Starting during the latter half of the past decade, consumers for the first time spent more than half their food and beverage dollars at restaurants. Nonetheless, NRA statistics reveal that restaurant sales in the 2010s experienced their slowest percentage growth since at least the ’60s, and the 2020s are likely to see slower growth than before the Great Recession. Restaurant employment, which hit 15.3 million workers in 2019, is expected to gain another 1.6 million employees by 2029 despite a tight labor market and gains in automation. That increase is considerably slower than the past decade, which saw an additional 3 million workers.
Still, there’s no indication the industry will contract, and there’s little doubt that competition and foodservice channels will keep expanding as operators battle for consumers and their dollars.
“The greatest wars in the world will be fought in the foodservice industry,” says Gary Stibel, founder and chief executive of New England Consulting Group. “Food will be everywhere,” he says, due to ongoing channel migration, potentially getting to the point that “you’ll be able to buy a meal at any furniture store.”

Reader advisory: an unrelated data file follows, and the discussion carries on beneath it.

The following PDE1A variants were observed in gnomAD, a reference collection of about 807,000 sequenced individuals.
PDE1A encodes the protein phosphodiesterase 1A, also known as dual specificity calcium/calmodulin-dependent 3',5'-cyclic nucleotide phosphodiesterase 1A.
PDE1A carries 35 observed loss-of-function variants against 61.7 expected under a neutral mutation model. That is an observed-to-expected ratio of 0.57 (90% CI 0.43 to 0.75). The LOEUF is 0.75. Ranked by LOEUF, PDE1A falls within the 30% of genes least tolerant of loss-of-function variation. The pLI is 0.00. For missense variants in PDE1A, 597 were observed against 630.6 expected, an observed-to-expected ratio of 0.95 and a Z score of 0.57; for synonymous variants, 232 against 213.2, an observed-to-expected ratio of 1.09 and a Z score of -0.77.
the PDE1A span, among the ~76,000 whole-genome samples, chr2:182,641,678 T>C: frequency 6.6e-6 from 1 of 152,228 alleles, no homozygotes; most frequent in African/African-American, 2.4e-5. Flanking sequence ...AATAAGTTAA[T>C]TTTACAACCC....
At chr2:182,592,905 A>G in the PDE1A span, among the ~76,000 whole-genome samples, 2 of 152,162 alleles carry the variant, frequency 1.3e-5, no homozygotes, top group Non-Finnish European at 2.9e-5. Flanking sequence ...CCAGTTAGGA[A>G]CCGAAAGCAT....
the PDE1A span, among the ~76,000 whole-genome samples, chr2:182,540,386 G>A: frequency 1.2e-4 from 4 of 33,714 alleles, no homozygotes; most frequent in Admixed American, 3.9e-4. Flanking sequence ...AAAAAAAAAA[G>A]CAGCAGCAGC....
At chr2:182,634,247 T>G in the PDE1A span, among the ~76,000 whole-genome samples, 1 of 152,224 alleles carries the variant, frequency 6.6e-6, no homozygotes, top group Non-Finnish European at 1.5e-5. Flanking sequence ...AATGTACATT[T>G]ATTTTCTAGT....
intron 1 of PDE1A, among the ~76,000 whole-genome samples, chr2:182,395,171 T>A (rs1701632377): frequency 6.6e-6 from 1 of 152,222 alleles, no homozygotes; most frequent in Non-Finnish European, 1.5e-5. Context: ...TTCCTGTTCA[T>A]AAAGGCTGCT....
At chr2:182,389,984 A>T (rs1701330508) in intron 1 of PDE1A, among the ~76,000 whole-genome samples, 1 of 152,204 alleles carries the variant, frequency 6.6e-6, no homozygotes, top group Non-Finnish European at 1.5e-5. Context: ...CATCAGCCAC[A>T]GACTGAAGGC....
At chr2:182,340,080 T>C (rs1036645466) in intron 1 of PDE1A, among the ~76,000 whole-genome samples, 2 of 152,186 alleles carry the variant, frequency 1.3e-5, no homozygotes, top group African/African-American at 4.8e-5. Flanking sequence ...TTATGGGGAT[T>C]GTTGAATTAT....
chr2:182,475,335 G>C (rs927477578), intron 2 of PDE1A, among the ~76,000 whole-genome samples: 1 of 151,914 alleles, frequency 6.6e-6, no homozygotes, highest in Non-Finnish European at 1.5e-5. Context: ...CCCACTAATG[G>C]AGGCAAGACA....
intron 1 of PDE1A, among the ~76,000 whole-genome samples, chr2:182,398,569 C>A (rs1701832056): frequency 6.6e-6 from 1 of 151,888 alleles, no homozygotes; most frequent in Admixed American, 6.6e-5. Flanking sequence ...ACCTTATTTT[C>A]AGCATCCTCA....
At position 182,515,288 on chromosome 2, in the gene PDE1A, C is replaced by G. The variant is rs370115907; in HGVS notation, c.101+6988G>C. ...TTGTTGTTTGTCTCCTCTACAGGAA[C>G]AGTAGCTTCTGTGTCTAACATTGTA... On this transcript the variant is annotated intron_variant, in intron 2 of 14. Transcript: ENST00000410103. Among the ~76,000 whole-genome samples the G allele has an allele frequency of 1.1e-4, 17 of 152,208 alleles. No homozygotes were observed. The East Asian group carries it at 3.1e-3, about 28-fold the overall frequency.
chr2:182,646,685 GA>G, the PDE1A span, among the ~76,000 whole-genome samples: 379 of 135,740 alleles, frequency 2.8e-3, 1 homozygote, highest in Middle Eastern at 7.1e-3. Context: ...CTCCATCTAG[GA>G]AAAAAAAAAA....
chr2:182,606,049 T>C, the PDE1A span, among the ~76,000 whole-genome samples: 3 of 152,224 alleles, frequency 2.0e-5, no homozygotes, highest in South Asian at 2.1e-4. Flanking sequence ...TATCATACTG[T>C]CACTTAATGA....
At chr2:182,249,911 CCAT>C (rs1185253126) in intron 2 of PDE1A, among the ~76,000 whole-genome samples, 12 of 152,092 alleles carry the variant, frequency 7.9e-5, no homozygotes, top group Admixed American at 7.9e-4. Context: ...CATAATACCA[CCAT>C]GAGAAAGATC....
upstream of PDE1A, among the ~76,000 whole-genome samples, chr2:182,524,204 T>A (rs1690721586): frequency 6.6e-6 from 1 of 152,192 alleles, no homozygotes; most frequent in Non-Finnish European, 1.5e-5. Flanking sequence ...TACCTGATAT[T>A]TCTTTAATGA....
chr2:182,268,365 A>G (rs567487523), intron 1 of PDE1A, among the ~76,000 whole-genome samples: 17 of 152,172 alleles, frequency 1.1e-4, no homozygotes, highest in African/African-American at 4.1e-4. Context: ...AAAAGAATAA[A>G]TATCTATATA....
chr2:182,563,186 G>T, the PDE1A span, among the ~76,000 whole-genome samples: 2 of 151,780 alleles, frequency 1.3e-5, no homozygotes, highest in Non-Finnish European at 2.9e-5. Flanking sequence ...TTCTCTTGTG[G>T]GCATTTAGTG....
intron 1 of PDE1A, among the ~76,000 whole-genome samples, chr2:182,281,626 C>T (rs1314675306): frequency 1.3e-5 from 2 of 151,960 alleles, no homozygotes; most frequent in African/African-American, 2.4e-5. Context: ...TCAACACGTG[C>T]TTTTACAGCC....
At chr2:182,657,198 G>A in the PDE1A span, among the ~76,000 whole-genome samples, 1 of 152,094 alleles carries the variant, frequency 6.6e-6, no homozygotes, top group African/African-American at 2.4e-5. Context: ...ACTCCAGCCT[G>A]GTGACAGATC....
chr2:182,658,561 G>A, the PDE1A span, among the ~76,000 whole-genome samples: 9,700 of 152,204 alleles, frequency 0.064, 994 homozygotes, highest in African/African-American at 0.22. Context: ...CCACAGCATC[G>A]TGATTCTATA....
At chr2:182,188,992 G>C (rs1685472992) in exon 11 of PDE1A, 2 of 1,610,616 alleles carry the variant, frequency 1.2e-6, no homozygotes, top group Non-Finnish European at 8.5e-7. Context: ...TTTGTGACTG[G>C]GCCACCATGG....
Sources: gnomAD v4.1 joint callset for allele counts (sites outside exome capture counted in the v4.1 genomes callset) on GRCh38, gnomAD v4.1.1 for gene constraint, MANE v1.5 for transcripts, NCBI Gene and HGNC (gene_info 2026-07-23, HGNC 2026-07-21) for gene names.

In fact, the basic paradigm of what constitutes a restaurant “is rapidly evolving,” says Hudson Riehle, senior vice president of the NRA’s Research and Knowledge Group. “From the consumer’s perspective, there are more options than ever, and those will only expand to meet their needs,” Riehle says. “There is a blurring of channels that will only continue to grow.”
No one single factor will impact restaurants in the 2020s more than technology, which will result in added convenience for consumers and in saving time, costs, and labor for operators.
“The influence of technology is only going to get more pronounced, and we will see technology influence every aspect of restaurant operations,” says R.J. Hottovy, a restaurant analyst with Morningstar, a Chicago-based investment research firm. “It is the big thing.”
Technology improvements will affect the back of the house with kitchen equipment and point of sale, as well as the front of house and drive-thru lane with smart menuboards, voice-recognition systems, mobile-order-and-pay solutions, and off-premises integration.
Consumers, employees, and employers are continually getting more comfortable with technology, and that’s not likely to abate, as tech-savvy Gen Z and, eventually, upcoming Generation Alpha members supplant millennials as the driving demographics.